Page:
Seeking a Friend For The End of The Season
Does art imitates life or life imitate art? Not sure but I have often run across situations in a movie that reminds me of something from my youth hockey life. Take for example the movie Seeking A Friend For the End of the World, with Steve Carell and Keira Knightley. As described by IMDB: "As an asteroid nears Earth, a man finds himself alone after his wife leaves in a panic. He decides to take a road trip to reunite with his high school sweetheart. Accompanying him is a neighbor who inadvertently puts a wrench in his plan."
Sounds heartwarming doesn't it? Actually it is. If you haven't seen it, I encourage you to do so. Fine performances, sweet and engaging. But you may be asking what does this have to do with hockey?
I am getting there.
The beginning of the film shows how differently people take the news of their impending doom. Some are still going to work at their crappy insurance jobs (why??) Some are still going to the gym (even bigger why??) Even Carell's cleaning lady still shows up to Pledge his dining room table. His wife, however makes a dramatic exit by fleeing the car and that is the last we see of her. Some are celebrating the end of days in grandiose fashion by partying, throwing caution to the wind with unprotected, promiscuous sex and allowing their children to have their first taste of alcohol about eleven years too soon.
This behavior is not unlike the last couple of weeks before the end of a hockey season. Let me deconstruct the behavioral patterns I have seen in the rink that mimic Seeking A Friend for the End of the World.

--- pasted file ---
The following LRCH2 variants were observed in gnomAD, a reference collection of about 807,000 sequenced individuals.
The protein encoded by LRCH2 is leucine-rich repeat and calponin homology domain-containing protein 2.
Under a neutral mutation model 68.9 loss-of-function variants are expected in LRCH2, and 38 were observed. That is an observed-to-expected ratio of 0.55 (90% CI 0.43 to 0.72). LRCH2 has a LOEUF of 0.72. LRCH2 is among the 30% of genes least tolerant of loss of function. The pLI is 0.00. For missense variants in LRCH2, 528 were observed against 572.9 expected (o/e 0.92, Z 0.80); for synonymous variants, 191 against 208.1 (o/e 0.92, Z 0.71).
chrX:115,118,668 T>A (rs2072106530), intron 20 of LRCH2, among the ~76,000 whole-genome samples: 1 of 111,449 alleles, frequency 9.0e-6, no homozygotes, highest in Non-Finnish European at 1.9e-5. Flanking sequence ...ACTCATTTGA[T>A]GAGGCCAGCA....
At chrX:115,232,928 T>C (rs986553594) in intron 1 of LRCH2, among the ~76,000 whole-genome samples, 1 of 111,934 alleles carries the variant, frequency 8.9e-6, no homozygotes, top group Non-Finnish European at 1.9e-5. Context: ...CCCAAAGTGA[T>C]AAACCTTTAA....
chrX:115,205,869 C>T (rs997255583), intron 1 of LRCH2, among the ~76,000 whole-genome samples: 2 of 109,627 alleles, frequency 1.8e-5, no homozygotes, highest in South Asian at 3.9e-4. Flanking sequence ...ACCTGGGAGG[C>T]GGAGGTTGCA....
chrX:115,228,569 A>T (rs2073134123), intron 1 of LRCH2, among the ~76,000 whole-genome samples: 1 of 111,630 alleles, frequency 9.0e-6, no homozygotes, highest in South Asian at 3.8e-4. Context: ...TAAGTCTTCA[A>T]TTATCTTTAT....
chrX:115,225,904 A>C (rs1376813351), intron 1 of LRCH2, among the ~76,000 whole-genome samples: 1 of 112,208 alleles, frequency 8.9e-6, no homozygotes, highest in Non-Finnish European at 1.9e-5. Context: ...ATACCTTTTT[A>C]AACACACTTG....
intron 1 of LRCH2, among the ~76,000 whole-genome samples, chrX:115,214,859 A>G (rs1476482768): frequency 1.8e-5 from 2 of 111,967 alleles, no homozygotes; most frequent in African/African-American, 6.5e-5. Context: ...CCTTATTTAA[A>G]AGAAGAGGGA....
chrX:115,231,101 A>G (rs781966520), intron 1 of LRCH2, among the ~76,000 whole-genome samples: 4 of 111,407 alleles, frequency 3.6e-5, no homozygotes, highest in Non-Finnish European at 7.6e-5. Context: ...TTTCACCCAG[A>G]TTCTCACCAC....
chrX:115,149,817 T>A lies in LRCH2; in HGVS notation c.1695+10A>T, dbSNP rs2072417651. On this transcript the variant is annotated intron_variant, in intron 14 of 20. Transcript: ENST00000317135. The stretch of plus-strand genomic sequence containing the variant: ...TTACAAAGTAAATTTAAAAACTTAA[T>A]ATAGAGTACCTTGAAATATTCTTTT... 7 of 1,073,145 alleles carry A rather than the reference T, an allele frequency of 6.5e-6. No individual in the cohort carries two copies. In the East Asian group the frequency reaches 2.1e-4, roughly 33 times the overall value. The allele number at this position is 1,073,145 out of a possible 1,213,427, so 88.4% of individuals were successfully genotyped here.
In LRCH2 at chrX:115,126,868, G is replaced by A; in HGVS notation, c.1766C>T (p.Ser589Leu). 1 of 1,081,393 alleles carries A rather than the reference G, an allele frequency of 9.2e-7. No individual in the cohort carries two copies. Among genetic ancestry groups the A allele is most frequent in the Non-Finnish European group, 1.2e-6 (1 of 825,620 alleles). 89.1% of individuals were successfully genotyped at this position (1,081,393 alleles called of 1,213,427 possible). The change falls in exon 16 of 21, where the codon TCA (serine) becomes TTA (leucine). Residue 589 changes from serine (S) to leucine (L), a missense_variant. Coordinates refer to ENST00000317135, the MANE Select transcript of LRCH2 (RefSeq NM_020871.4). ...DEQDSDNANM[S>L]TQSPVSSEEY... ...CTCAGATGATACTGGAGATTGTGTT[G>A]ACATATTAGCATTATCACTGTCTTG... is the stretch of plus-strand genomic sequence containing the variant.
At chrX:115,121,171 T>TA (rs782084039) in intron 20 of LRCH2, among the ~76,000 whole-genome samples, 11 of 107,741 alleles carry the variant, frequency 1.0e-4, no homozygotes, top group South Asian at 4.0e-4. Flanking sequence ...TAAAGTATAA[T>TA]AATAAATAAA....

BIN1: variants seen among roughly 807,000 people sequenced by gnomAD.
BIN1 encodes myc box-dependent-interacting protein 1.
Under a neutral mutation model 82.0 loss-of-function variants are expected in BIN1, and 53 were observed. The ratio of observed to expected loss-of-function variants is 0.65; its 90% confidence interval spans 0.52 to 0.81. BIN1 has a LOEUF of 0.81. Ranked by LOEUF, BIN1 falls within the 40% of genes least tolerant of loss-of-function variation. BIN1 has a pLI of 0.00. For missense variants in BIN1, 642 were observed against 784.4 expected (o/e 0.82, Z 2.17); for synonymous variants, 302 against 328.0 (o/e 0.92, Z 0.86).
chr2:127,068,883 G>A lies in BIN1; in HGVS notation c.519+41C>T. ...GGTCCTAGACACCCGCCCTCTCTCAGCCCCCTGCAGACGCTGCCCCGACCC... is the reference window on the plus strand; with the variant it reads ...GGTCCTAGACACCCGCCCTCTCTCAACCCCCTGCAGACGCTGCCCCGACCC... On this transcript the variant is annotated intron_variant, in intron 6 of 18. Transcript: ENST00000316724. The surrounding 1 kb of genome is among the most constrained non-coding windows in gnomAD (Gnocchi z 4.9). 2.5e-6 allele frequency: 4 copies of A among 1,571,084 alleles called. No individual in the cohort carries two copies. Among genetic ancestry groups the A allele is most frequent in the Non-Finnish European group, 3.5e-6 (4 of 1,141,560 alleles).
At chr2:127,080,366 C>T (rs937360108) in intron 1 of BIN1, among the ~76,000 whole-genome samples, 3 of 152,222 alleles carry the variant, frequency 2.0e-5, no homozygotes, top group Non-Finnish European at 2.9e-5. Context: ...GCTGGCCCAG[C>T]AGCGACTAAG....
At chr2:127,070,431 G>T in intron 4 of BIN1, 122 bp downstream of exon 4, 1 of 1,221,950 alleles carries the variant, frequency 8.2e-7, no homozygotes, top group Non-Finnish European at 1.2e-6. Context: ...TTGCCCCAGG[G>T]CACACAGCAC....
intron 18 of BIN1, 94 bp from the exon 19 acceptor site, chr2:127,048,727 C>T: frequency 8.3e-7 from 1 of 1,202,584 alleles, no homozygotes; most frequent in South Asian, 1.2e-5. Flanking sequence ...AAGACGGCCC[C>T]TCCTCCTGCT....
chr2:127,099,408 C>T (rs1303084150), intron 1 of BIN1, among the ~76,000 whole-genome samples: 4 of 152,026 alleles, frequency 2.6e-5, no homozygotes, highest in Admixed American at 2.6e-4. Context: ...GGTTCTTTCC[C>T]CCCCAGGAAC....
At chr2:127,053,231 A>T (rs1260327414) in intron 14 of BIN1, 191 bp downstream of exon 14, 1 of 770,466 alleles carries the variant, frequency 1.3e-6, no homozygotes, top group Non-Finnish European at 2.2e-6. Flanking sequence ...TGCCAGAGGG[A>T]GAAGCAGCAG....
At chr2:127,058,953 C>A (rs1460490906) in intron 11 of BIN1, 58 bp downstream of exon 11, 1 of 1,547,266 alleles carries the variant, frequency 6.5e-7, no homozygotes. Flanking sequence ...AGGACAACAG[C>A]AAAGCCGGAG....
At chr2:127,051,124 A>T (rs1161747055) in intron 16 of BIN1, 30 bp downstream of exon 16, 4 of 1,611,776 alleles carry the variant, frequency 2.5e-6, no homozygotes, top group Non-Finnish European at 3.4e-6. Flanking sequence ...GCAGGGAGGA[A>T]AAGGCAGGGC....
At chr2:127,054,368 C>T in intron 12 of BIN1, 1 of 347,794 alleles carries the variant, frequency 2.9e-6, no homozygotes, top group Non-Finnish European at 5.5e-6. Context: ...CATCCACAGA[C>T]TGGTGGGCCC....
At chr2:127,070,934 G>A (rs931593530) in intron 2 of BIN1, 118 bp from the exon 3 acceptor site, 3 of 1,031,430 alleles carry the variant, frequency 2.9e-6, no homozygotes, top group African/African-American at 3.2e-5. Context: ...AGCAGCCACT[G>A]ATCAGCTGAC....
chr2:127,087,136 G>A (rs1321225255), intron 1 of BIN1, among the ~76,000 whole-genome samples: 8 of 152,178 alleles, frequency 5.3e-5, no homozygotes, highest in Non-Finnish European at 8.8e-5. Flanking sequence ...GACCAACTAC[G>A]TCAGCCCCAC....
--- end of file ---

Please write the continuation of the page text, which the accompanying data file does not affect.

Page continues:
Known for sticking their heads in the sand, these hockey parents show up to each and every practice/game as if it was any other day. The end still seems so far away and we have all those playoff games, and then districts and then maybe national championships. We still have LOTS of time left. The reality is that all of this happens within a short two week window. This behavior is along the same lines of thinking as the man mowing his lawn in the movie. Apparently we must have a freshly manicured lawn for Armageddon and freshly pressed jerseys for those last games.
Nothing like the end-of-a-season or the end-of-the-world to bring out everyone's true colors. Hockey parents who accept their fate with glorious abandon believe strongly that no conversations are off limits, no cheering or chirping is too offensive and it's all the refs' faults! Much like Carell's partying friend who crows in glee "Heroin?! Bucket, bucket list!" Make every last second count, damn the consequences!
These parents accept that the end is near in a quiet appreciation, knowing that things will never quite be the same. For who knows what members of the team will go elsewhere or what coaches may decide to hang up their whistle. Understanding, knowing, accepting and embracing, these parents make peace with the end. Carell and Knightley embrace their fate and their journey is about making amends for the past and enjoying the present. I compare the lovely beach scene in the film where everyone gathers to the small group of hockey parents huddled at the glass watching the last handshake line. Endearing and a little sad. You can't do something eight months out of a year, year in and year out without it leaving its indelible mark on your soul.
The last game represents the asteroid hurtling towards us with no warning. Even as we stand there as hugs are given, tears are shed, photos are taken and thanks are offered up to the tireless coaching staff, it just isn't real. The annihilation of the season isn't complete yet.
Only when the equipment goes in to hibernation for a while, Monday night comes and goes without a practice, and the turntable stops turning in the film, have we faced the asteroid.
NOW who will I hang out with three or four times a week? As the credits roll, who will be my friend at the end of the season?
How do YOU handle the end of the season? Are you like me digging deep and having the feels or is it just another season? Let me know!